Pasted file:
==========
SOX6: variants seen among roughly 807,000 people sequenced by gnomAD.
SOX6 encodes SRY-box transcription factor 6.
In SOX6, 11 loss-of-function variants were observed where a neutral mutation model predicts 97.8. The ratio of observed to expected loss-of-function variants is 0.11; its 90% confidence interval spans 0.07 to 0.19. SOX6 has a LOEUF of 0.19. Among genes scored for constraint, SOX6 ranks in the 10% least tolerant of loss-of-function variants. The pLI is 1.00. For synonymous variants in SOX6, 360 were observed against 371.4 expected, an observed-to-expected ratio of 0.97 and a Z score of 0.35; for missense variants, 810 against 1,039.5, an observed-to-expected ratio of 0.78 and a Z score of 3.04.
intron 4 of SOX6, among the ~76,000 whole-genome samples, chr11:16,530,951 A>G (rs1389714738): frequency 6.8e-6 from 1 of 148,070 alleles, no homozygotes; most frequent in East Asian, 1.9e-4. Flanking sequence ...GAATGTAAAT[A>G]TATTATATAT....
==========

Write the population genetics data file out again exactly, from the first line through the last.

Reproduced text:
SOX6: variants seen among roughly 807,000 people sequenced by gnomAD.
SOX6 encodes SRY-box transcription factor 6.
In SOX6, 11 loss-of-function variants were observed where a neutral mutation model predicts 97.8. The ratio of observed to expected loss-of-function variants is 0.11; its 90% confidence interval spans 0.07 to 0.19. SOX6 has a LOEUF of 0.19. Among genes scored for constraint, SOX6 ranks in the 10% least tolerant of loss-of-function variants. The pLI is 1.00. For synonymous variants in SOX6, 360 were observed against 371.4 expected, an observed-to-expected ratio of 0.97 and a Z score of 0.35; for missense variants, 810 against 1,039.5, an observed-to-expected ratio of 0.78 and a Z score of 3.04.
intron 4 of SOX6, among the ~76,000 whole-genome samples, chr11:16,530,951 A>G (rs1389714738): frequency 6.8e-6 from 1 of 148,070 alleles, no homozygotes; most frequent in East Asian, 1.9e-4. Flanking sequence ...GAATGTAAAT[A>G]TATTATATAT....